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He Got a Charge Out of Assignment

Environment * A skeptic is won over by the electric vehicle after spending time with seven different models. They are the cars of the future, after all.


Learning to live with an electric vehicle isn't difficult in Southern California, but it is not a seamless transition either.

Think of switching from carnivore to vegetarian: Suddenly you've got some cooking implements you'll never use again, others that you need to rush out and buy. You have to change your shopping habits and hunt farther afield for goodies to make meals tasty.

Same is true with an electric car.

You don't need to hunt for gas stations anymore, but you have to memorize the locations of charging stations, and the routes that best get you to them.

You have to be far more aware of mileage than ever before--and you have to plan even short trips with the precision of a general plotting a military maneuver.

Spontaneous trips to any point farther than half-a-charge away are out, and you'd better always know just how much of a charge your vehicle is carrying.

You also have to invest $800 to $1,800 in a 220-volt charger for your garage, and you'd best remember to plug in every night.

Once you have the charger, though, you always start out in the morning with the electric equivalent of a full tank, at an average cost of about $1 per fill-up at Southern California Edison Co.'s off-peak residential rate of 4.5-cents per kilowatt-hour.

You never have to go to the gas station (or worry about escalating gas prices), and you have few if any routine mechanical repairs or maintenance chores to worry about. Electric motors don't need oil changes, timing chain adjustments, spark plugs or tuneups.

Regular maintenance consists mainly of having the electronics inspected and the special low-resistance EV tires (almost all tire companies make a line of them) rotated every 5,000 miles or so.

There also are a few operational quirks that make an EV different from an ICE-V (internal-combustion engine vehicle), but otherwise, there's not a lot of strangeness involved.

Get used to transmissions with a single forward speed, to the electric hum that replaces a gasoline engine's roar--and to the absolute and initially unnerving lack of any throttle response when you start up or when you jiggle the accelerator pedal while idling at a stoplight--and most EVs available today are almost indistinguishable from their ICE cousins. Most, in fact, are converted ICEs--only Honda Motor Co.'s EV-Plus and General Motors Corp.'s EV1 were built from the ground up to be electric vehicles.

I found that out as I spent four weeks humming around Orange County in a series of electric vehicles to see for myself just how hard--or simple--it would be.

I wasn't an EV fan when I started, but I became one. I don't use one now, because on my household budget I can't afford the payments. But if I could, and if I needed to replace one of the two ICEs my wife and I use for daily transportation, I'd get an electric in a flash.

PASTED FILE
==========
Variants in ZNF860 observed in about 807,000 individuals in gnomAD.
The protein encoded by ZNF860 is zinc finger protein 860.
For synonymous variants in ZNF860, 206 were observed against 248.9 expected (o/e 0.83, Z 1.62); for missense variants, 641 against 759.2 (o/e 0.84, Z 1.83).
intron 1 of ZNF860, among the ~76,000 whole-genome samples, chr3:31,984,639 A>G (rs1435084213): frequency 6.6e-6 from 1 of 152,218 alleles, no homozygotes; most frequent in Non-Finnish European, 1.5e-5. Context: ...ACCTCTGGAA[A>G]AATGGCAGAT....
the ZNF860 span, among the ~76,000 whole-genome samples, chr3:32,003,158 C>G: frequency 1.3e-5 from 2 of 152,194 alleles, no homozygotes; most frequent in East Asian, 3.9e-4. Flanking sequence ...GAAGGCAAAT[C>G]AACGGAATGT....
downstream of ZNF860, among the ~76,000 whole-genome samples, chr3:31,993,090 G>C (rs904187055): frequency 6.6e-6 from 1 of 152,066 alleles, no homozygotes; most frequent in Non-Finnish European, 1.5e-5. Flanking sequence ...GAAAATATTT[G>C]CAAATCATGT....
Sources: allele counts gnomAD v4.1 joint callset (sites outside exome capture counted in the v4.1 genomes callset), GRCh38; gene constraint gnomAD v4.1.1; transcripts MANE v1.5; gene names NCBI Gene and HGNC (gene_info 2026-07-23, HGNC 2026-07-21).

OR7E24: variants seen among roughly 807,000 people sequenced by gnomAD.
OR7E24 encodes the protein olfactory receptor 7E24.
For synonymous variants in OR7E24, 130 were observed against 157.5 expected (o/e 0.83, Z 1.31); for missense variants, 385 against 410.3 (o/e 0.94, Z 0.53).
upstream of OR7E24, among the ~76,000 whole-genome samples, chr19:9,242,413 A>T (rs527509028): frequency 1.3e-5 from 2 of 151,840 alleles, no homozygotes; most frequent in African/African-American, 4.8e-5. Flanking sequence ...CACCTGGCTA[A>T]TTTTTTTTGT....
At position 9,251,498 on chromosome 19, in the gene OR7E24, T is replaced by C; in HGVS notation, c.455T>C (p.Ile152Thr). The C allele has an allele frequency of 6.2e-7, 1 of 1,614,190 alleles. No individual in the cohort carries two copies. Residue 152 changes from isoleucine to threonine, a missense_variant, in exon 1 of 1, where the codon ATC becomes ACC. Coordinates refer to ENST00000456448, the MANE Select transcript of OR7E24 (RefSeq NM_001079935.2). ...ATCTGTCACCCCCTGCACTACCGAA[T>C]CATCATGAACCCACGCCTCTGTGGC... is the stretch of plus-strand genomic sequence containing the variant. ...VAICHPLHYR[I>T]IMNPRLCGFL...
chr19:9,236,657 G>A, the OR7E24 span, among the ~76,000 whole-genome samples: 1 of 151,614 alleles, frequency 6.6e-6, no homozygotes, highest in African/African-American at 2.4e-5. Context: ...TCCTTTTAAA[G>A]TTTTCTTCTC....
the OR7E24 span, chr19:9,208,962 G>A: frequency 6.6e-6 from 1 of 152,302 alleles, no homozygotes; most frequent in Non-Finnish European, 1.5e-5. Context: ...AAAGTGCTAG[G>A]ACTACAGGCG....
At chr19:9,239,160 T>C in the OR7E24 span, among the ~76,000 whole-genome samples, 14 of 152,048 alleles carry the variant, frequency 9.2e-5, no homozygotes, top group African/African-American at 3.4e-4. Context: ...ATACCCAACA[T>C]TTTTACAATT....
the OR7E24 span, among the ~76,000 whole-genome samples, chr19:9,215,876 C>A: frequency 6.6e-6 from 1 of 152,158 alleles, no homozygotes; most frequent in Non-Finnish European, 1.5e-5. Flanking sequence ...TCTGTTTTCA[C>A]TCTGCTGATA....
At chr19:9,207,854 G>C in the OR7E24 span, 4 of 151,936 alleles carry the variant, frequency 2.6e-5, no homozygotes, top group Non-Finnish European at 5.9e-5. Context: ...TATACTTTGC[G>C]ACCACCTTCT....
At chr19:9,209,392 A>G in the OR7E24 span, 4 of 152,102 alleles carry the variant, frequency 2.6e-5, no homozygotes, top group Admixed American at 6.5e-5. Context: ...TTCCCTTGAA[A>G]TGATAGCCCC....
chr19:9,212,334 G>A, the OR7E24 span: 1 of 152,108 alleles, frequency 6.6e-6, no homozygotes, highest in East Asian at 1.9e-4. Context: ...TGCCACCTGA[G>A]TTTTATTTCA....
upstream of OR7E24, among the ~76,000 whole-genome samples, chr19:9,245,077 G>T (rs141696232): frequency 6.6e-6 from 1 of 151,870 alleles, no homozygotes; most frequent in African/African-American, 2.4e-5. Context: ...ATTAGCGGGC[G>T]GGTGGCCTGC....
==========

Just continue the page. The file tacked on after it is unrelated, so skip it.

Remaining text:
I'd do it for all the benefits listed above: for the environmental benefits of driving a car with no tailpipe and no tailpipe emissions and because California now allows single-occupant EVs (and other alternative-fuel vehicles) to use the diamond lanes. There's also the pragmatic reason that electrics are the vehicles of the future, so we might as well start getting used to them.


That's not a particularly bold prediction, by the way.

The debate over the marketability of electrics today isn't really about electric cars, it's about the effectiveness of the present method of getting the electrical fuel on board.

Batteries, the principal commercial means today, have a lot of problems--foremost their high initial cost and the need to take the vehicle out of service frequently to recharge them. But figure out a way to generate electricity on board (that's what the hydrogen fuel cell does), or to recharge a battery pack in five minutes instead of five hours, and a whole lot of the argument against EVs goes away.

I have another prediction, based on the fact that cars still sell on the basis of looks and performance: Once word gets out that a well-designed EV with its all-torque all-the-time motor can run circles around most conventional ICE-Vs, demand will go up.

(I offer as proof of that performance claim GM's experiments with the EV1, rated at the electric motor equivalent of 137 horsepower and 110 foot-pounds of torque. The motor's governor was disconnected and top speeds of 188 mph were achieved without additional modification. Dodge boasts of the V-10 Viper's 450 horsepower and 490 foot-pounds of ground-shaking torque. But its top speed is just a hair faster, at 192 mph. Need more? How about the tZero electric sports car built by AC Propulsion in San Dimas? Its zero-to-60-mph acceleration time of 4.9 seconds will keep it wheel-to-wheel with a Corvette at the drag strip.

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